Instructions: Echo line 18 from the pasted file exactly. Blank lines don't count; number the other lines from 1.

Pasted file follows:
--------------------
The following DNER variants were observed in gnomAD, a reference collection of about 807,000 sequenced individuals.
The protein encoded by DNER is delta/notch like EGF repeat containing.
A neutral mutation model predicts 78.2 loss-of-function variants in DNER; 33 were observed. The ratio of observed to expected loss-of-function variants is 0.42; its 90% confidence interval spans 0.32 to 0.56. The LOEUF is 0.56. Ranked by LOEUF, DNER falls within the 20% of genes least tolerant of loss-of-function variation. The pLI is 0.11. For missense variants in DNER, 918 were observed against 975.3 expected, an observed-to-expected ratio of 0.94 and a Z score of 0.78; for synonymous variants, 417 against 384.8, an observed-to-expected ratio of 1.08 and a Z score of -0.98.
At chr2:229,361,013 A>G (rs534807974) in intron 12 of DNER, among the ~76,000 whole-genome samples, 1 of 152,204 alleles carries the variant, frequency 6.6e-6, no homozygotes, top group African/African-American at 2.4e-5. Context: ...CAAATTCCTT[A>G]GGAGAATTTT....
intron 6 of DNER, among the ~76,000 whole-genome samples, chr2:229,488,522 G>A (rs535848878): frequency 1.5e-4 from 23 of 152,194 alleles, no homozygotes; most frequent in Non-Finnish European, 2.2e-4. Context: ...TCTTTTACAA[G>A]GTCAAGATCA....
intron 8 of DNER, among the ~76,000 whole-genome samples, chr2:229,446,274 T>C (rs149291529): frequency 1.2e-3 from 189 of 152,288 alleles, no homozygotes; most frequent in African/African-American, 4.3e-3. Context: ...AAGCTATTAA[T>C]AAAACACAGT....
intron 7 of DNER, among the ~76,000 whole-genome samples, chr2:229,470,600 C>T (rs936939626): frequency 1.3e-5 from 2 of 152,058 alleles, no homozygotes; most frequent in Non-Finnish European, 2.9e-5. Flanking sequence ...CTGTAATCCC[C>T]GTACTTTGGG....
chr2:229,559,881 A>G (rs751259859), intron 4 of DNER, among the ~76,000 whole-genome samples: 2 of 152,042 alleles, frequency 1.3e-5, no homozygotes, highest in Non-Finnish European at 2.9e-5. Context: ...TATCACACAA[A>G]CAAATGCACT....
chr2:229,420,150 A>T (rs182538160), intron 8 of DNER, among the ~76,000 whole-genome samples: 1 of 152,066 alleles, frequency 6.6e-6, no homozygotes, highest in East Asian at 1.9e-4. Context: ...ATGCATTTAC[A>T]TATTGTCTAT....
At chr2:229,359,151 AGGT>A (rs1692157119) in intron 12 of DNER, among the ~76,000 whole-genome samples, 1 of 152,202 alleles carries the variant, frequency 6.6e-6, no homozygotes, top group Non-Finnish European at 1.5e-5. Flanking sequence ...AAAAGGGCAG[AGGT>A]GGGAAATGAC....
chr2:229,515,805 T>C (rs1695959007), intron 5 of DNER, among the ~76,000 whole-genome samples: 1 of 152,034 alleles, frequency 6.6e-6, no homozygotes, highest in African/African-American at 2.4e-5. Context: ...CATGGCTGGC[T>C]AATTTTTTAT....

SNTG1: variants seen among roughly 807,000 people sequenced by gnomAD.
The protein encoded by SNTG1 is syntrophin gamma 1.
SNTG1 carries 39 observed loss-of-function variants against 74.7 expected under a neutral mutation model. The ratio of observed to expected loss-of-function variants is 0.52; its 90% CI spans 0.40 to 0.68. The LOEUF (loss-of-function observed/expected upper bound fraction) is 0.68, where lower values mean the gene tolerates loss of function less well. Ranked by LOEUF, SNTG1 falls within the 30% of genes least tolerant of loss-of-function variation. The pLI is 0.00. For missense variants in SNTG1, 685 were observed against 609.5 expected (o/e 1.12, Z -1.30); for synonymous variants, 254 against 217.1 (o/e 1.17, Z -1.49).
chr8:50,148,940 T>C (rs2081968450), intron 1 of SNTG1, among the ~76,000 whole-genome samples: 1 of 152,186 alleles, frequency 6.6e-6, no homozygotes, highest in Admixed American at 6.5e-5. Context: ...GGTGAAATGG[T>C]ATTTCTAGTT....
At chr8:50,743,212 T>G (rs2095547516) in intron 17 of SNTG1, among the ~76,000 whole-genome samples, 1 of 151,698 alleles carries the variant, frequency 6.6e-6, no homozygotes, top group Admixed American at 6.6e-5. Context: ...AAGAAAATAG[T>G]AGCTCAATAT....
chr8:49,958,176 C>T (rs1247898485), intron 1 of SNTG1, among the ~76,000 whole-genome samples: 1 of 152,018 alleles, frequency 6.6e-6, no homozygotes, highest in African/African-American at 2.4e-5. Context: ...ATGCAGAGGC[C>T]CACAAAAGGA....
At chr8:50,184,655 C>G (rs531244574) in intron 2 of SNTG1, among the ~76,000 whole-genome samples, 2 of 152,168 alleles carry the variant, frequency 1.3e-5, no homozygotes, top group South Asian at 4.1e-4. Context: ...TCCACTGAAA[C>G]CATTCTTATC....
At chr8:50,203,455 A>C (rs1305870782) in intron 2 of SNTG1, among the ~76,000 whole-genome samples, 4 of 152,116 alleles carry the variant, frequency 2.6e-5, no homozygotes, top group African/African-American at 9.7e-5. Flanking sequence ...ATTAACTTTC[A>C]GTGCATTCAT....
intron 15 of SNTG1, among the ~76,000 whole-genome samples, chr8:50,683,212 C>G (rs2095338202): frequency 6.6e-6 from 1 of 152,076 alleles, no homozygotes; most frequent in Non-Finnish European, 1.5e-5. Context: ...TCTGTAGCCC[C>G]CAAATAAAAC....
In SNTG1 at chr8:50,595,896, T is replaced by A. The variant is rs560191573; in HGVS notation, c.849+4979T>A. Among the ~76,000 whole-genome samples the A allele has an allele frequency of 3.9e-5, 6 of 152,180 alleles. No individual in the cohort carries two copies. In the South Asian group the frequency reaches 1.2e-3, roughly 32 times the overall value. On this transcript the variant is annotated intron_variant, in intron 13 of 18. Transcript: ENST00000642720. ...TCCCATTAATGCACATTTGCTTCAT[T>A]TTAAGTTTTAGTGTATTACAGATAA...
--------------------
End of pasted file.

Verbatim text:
At chr8:50,184,655 C>G (rs531244574) in intron 2 of SNTG1, among the ~76,000 whole-genome samples, 2 of 152,168 alleles carry the variant, frequency 1.3e-5, no homozygotes, top group South Asian at 4.1e-4. Context: ...TCCACTGAAA[C>G]CATTCTTATC....